Eat less and move more! And moving can be twice as fun with your best furry friend at your side. See you tomorrow!

A play on Debbie Does Dallas, today’s post focuses on teachers’ past professions, and how we decide who is worthy to teach our children and who is not. My local hip hop morning show covered a story about a teacher being fired because her past in the porn profession had been discovered. If the news out of St. Louis (where this took place) is to be believed, she actually asked for administrative leave but in the business that conversation basically shook down to this:

Administrator: We can’t technically fire you because you didn’t do anything illegal, but now that this is public it would probably be better for you to resign.

Teacher: Okay.

Tericka Dye (and that isn’t her porn name) taught high school science in the Parkway School District in St. Louis. She is 38 years old and more than 15 years ago (for the math challenged that puts her at about age 23) she lived in California and made some adult movies to get by as a single mom.

This isn’t the first time Dye has come under attack for this. In 2006 she worked in Kentucky as a science teacher and volleyball coach, and even though her fellow teachers stood beside her, she decided to move on to another state.

23 years old only came about 5 years ago for me and some of the decisions I made then are still affecting me today. This woman is almost 40 years old and is still being punished for a job choice she made in the mid-90s. It wasn’t illegal, so it didn’t show up on the background check, but because it is morally shady parents and administrators don’t want her around the kids. For something she did 15 years ago.

You guys realize she’s not showing the kids porn, right? She’s not making a porn in front of them? Why can’t this be used as a teachable moment, where the kids learn that teachers aren’t virgins and saints and they don’t have to be either as long as they learn from their mistakes. Schools all across the country still require teachers to avoid alcohol, adult toy shops, and some of the more religious schools even forbid their teachers from dancing and watching rated R movies.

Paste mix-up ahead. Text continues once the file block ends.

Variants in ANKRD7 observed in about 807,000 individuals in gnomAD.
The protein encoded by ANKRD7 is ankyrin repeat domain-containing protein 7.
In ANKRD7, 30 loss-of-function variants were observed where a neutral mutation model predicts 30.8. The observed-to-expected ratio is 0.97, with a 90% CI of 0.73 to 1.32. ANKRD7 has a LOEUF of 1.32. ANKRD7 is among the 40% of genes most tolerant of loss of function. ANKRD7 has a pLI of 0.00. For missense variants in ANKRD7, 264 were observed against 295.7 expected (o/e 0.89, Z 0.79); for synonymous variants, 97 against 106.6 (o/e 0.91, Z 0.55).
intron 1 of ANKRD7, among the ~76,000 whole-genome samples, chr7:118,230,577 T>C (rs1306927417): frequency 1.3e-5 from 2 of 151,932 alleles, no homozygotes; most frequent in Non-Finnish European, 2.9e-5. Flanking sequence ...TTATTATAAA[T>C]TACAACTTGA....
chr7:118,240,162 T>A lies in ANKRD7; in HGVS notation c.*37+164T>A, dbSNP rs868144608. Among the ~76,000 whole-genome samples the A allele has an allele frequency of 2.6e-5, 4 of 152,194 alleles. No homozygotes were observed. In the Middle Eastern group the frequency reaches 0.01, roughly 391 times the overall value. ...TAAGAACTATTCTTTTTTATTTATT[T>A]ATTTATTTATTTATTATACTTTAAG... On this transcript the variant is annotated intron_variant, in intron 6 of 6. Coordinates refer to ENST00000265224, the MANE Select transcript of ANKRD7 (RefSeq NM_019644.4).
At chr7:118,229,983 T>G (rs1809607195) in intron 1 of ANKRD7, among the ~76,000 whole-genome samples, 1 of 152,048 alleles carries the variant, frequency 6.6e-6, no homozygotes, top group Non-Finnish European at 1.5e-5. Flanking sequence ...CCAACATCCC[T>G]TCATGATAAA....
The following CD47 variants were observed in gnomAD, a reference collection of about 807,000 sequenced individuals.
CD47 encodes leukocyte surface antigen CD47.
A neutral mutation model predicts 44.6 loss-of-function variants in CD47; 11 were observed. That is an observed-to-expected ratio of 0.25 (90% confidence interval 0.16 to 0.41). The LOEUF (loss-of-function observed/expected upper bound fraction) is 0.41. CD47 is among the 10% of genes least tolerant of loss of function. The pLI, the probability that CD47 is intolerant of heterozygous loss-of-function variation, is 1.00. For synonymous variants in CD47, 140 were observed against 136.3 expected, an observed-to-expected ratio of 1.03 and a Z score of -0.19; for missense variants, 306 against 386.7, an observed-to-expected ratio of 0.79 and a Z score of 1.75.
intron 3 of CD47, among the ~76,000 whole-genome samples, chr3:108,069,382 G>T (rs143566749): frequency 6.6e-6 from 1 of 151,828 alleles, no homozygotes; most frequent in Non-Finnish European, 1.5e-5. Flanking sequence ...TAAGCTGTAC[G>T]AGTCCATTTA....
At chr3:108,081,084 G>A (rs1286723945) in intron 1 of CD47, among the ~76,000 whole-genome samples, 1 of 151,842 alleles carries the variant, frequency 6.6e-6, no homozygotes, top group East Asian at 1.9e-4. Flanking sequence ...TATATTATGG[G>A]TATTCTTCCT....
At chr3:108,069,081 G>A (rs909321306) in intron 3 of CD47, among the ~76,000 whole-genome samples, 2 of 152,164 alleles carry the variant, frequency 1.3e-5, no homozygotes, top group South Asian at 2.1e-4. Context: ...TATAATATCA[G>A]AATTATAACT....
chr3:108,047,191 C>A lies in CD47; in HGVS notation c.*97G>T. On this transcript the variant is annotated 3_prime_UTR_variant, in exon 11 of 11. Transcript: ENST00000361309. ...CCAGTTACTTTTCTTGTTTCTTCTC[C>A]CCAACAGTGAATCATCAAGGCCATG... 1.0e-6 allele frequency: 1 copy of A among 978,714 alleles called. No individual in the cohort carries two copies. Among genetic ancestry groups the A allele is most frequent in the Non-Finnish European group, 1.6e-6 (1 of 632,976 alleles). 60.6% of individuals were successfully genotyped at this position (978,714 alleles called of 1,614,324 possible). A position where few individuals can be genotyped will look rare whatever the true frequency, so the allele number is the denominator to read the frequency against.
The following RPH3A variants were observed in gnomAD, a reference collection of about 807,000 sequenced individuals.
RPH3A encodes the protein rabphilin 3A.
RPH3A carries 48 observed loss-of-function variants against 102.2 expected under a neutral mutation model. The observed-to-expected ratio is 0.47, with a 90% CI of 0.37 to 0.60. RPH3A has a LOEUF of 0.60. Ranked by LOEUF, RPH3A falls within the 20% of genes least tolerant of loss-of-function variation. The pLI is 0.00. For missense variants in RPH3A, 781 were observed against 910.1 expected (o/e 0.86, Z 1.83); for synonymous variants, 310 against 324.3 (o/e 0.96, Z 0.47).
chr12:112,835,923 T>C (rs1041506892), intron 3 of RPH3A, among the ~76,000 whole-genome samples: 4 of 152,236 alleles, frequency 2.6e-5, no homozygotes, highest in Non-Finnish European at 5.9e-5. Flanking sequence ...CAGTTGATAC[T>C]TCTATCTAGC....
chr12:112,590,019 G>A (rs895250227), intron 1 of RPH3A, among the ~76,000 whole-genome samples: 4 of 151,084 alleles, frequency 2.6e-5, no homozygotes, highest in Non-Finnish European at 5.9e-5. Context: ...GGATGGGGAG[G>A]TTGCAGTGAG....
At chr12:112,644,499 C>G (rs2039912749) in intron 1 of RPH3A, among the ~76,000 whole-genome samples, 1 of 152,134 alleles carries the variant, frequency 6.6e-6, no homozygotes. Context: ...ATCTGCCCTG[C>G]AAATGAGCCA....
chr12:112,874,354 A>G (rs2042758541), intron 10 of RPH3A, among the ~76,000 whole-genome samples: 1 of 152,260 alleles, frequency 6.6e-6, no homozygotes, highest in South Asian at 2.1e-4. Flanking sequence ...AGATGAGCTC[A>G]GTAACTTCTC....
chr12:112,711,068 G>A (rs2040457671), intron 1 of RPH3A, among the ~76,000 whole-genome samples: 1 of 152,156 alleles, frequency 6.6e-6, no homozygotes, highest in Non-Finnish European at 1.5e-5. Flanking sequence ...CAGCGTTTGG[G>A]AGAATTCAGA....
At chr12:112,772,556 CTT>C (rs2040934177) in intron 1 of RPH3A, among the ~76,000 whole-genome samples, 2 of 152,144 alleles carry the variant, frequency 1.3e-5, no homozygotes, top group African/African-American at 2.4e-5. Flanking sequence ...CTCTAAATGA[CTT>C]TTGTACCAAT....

Do you know how hard it is to become a high school science teacher? It’s one of the more difficult tracks in an education degree, the students have to have content knowledge in chemistry, biology, and physics in addition to learning about pedagogy and classroom management. And in a world that is typically reserved for men (high school teaching), Dye had to have been pretty smart and determined to not only teach high school science, but to go from one school rejecting her to another, just to face the same rejection again.

Other members of society who do highly illegal things face the same persecution, but they are usually caught on background checks before they are even hired: felons, murderers, child molesters; if their past is on record, chances are they won’t end up in front of your children. Dye’s past is on record, but it’s old and not illegal. Yet she also isn’t allowed into a profession for which she has been deemed qualified in two separate states (Kentucky and Missouri).

This story comes with three lessons. Two are the hard truth and one speaks to a deep sociological problem in this country.

1. Children need to be taught that ALL actions have consequences. Whether you do something at age 15, 21, or 50 that action could have the potential to haunt you for the rest of your life.

2. The interwebz has a memory like an elephant and arms like an octopus that grab all information past and present and put it out there for people to see. The internet is dangerous, so be careful what you do and what you put up on it (in this case Dye probably didn’t choose to have her past on display, but since she probably signed some kind of a waiver back then she doesn’t have a choice now either.)